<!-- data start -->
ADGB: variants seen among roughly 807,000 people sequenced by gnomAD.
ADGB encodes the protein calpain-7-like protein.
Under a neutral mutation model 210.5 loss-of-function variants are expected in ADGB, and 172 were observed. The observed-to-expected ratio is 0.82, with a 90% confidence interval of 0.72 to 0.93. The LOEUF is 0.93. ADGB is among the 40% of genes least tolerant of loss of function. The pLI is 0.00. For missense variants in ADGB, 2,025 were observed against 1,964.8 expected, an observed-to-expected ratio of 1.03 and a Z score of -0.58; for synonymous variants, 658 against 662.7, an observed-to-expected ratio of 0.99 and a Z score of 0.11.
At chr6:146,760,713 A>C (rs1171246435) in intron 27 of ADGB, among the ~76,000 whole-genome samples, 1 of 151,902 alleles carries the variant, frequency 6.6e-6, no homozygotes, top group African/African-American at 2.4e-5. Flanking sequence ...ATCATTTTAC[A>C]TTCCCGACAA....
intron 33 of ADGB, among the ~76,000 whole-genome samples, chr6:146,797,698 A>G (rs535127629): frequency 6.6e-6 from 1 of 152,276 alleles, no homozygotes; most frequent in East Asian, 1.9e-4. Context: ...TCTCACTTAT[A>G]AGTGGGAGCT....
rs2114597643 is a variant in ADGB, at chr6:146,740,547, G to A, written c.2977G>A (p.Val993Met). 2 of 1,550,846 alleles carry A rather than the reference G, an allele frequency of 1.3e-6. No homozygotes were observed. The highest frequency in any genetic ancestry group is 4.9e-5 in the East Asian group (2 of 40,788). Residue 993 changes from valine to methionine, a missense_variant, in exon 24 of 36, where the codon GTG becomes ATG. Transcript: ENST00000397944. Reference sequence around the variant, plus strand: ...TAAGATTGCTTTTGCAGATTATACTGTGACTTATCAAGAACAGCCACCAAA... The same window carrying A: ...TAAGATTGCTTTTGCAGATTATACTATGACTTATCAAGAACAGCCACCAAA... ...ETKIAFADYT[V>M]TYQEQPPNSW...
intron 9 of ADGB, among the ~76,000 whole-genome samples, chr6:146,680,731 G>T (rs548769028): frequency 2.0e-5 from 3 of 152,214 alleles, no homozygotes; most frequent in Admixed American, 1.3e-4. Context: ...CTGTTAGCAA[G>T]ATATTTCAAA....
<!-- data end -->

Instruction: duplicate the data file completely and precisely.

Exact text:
ADGB: variants seen among roughly 807,000 people sequenced by gnomAD.
ADGB encodes the protein calpain-7-like protein.
Under a neutral mutation model 210.5 loss-of-function variants are expected in ADGB, and 172 were observed. The observed-to-expected ratio is 0.82, with a 90% confidence interval of 0.72 to 0.93. The LOEUF is 0.93. ADGB is among the 40% of genes least tolerant of loss of function. The pLI is 0.00. For missense variants in ADGB, 2,025 were observed against 1,964.8 expected, an observed-to-expected ratio of 1.03 and a Z score of -0.58; for synonymous variants, 658 against 662.7, an observed-to-expected ratio of 0.99 and a Z score of 0.11.
At chr6:146,760,713 A>C (rs1171246435) in intron 27 of ADGB, among the ~76,000 whole-genome samples, 1 of 151,902 alleles carries the variant, frequency 6.6e-6, no homozygotes, top group African/African-American at 2.4e-5. Flanking sequence ...ATCATTTTAC[A>C]TTCCCGACAA....
intron 33 of ADGB, among the ~76,000 whole-genome samples, chr6:146,797,698 A>G (rs535127629): frequency 6.6e-6 from 1 of 152,276 alleles, no homozygotes; most frequent in East Asian, 1.9e-4. Context: ...TCTCACTTAT[A>G]AGTGGGAGCT....
rs2114597643 is a variant in ADGB, at chr6:146,740,547, G to A, written c.2977G>A (p.Val993Met). 2 of 1,550,846 alleles carry A rather than the reference G, an allele frequency of 1.3e-6. No homozygotes were observed. The highest frequency in any genetic ancestry group is 4.9e-5 in the East Asian group (2 of 40,788). Residue 993 changes from valine to methionine, a missense_variant, in exon 24 of 36, where the codon GTG becomes ATG. Transcript: ENST00000397944. Reference sequence around the variant, plus strand: ...TAAGATTGCTTTTGCAGATTATACTGTGACTTATCAAGAACAGCCACCAAA... The same window carrying A: ...TAAGATTGCTTTTGCAGATTATACTATGACTTATCAAGAACAGCCACCAAA... ...ETKIAFADYT[V>M]TYQEQPPNSW...
intron 9 of ADGB, among the ~76,000 whole-genome samples, chr6:146,680,731 G>T (rs548769028): frequency 2.0e-5 from 3 of 152,214 alleles, no homozygotes; most frequent in Admixed American, 1.3e-4. Context: ...CTGTTAGCAA[G>T]ATATTTCAAA....